55 Safe & Legal Deductions to Save on Taxes
A tax deduction is where you subtract all or part of an expense from your total, taxable income, thereby reducing the amount of tax you pay. State and federal laws define the rules that determine which expenses can be deducted. But here are some deductions that you might be able to use to save money.
This list was accurate at time of publication. Contact your tax preparer for current information and any changes in tax laws.
- Cost of having a tax return prepared the previous year.
- Dues to professional societies and subscriptions to professional journals.
- Medical insurance premiums.
- Union dues and expenses.
- Liquidated damages to a former employer, such as for a broken contract.
- Gambling losses. (However, winnings are taxable).
- Money given to non-profit charities.
- Cost of uniforms and/or special clothing required on the job.
- Special shoes required for your job.
- Special tools, equipment and supplies necessary for your job.
- Credit for political contributions.
- Credit for care of a child or dependent.
- Earned income credit (for low income workers).
- Energy tax credit, for making energy efficiency improvements to home.
- Charitable gifts such as clothing, furniture, real estate, etc.
- Doctor's, dentists, hospital bills.
- costs of prescriptions, drugs.
- Expenses for eyeglasses, hearing aids, dentures, contact lenses, etc.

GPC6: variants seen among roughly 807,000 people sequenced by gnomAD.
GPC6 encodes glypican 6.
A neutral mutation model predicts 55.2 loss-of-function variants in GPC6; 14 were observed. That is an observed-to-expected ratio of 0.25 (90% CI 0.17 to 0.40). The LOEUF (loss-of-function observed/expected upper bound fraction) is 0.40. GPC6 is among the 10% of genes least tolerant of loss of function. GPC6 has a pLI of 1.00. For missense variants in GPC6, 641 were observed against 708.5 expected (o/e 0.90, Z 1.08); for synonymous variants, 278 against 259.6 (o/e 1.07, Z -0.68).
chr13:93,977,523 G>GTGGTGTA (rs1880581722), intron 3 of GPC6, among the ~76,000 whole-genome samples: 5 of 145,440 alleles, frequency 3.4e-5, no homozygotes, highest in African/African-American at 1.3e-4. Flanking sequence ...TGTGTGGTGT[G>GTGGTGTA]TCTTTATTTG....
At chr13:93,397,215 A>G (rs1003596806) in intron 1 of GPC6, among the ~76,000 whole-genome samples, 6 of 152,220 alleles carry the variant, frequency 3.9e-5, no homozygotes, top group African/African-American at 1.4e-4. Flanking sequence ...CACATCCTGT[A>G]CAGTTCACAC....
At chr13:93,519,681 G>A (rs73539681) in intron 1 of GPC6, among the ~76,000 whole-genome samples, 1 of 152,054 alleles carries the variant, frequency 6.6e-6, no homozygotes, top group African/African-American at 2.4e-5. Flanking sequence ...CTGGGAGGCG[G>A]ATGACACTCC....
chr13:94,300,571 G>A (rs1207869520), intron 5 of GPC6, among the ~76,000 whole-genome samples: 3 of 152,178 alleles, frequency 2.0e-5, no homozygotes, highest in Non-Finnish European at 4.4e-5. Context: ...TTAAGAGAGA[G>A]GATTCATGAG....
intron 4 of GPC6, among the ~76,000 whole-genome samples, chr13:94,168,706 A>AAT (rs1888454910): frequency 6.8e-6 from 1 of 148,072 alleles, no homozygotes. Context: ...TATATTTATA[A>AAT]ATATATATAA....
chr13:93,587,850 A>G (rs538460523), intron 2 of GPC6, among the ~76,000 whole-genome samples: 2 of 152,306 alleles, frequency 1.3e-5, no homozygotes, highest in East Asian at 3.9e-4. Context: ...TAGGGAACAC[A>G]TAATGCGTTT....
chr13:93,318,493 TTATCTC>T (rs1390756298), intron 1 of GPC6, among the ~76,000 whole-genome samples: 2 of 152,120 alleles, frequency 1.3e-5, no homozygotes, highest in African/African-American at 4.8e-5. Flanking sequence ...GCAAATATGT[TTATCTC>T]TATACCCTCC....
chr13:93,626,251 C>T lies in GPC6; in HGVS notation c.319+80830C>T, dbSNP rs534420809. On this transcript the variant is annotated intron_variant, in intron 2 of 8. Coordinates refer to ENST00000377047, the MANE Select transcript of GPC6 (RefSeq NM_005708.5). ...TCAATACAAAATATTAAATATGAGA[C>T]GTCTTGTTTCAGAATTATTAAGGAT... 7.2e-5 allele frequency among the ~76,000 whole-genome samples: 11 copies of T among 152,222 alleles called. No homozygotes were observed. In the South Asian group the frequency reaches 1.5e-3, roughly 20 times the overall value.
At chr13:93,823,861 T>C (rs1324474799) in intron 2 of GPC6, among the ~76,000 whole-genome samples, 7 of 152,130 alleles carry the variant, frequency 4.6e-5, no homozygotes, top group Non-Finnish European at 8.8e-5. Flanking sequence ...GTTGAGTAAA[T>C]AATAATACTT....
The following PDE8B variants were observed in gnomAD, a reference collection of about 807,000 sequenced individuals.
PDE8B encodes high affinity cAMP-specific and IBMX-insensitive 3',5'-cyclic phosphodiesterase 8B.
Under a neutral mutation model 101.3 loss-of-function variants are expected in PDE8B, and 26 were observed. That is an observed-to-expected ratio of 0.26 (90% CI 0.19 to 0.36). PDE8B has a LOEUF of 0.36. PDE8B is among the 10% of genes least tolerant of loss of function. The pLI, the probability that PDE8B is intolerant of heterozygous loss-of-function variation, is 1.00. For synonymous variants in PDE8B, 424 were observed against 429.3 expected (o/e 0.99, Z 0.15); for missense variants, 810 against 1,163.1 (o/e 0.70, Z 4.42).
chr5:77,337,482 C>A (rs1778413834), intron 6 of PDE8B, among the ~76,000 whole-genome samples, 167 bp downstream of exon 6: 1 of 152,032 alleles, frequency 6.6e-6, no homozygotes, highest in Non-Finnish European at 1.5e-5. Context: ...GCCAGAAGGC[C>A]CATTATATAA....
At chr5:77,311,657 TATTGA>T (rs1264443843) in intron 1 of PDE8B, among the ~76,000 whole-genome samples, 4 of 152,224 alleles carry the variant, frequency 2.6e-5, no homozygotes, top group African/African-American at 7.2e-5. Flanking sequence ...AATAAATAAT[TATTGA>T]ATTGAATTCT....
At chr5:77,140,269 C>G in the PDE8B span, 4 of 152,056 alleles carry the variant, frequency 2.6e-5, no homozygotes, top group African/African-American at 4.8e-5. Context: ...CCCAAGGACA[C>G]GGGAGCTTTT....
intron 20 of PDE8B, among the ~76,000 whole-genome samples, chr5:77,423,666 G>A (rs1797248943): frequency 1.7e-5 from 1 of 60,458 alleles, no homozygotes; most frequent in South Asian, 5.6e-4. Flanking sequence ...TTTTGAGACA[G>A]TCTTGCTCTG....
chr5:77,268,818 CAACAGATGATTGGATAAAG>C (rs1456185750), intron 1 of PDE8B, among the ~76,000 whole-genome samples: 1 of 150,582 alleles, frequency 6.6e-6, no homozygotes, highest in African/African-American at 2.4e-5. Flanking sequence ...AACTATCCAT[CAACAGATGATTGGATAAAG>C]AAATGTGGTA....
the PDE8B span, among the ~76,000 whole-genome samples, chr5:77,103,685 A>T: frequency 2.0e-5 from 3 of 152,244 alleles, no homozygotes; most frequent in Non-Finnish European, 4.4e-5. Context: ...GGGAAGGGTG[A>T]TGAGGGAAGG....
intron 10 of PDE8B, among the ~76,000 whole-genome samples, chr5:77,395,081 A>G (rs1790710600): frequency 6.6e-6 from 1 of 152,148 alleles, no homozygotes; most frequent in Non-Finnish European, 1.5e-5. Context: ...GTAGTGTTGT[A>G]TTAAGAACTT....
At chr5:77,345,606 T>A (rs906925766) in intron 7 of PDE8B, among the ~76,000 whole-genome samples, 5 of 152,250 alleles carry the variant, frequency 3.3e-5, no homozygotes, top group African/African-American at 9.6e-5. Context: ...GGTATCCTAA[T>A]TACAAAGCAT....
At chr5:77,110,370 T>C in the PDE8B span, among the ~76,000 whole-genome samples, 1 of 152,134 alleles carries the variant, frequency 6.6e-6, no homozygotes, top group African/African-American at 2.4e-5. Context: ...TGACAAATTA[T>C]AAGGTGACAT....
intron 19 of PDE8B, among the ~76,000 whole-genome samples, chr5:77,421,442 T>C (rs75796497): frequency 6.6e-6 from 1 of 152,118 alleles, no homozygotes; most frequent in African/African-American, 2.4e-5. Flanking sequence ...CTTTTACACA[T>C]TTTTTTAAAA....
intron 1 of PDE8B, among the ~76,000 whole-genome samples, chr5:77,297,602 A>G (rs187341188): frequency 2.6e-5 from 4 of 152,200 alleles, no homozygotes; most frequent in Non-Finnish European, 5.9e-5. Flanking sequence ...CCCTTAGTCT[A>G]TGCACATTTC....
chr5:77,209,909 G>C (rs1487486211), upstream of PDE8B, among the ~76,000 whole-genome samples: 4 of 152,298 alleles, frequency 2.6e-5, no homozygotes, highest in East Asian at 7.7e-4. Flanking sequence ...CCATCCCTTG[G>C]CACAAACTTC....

- Employment agency fee when looking for work.
- Moving expenses, when necessary for business related reasons.
- Fees for books, newsletters, seminars, etc., that give tax advice.
- Upkeep expenses (including laundry, cleaning) for uniforms, work clothes.
- Protective clothing such as safety shoes & glasses, hard hats, etc.
- Appraisal fee to determine amount of loss for casualty or theft deduction.
- Appraisal fee to determine market value of property claimed as deduction.
- Home telephone expenses relating to your job, including long distance.
- Customer entertainment.
- Professional licenses.
- Malpractice insurance (as in case of nurses, doctors, etc.)
- Investment expenses for advice paid to banks, brokers, advisors, etc.
- Travel expenses to consult with broker, to do investment research, etc.
- Cost of safety deposit box rental.
- cost of preparing, typing, printing, mailing, etc., job resumes.
- Cost of seminars, books, classes, etc., on how to write a job resume.
- Travel and transportation expenses necessary for finding new employment.
- Meal and lodging costs when necessary for finding a new job.
- Cost of education required by your employer for keeping your job.
- Cost of education to improve skills required in performing current work.
- Donations to churches, religious, non-profit organizations.
- Losses caused by accidents, storms, floods, thefts, etc.
- Elective surgery such as face-lifts, breast implants, thigh-tapering, etc.
- Laetrile, in states where it is legal.
- Psychiatric and psychological care and treatment.
- Transportation to and from places for medical examinations, treatments, etc.
- Sales taxes, including big-ticket times such as car, boat, etc.
- Mortgage interest.
- Interest on credit card and department store charges.
- Interest on loan purchases, such as automobile.
- Closing costs when selling home & moving, for business related reasons.
- Capital gains and losses.
- Personal retirement plans such as IRA and Keogh plans.
- Personal property taxes, state and local taxes.
- Real estate taxes.
Yes, you can buy homes, apartments and land for next to nothing by using the procedure of bidding at "tax delinquency and lien sales." These are made to recover unpaid taxes on property which is auctioned off 3 to 4 times each year.
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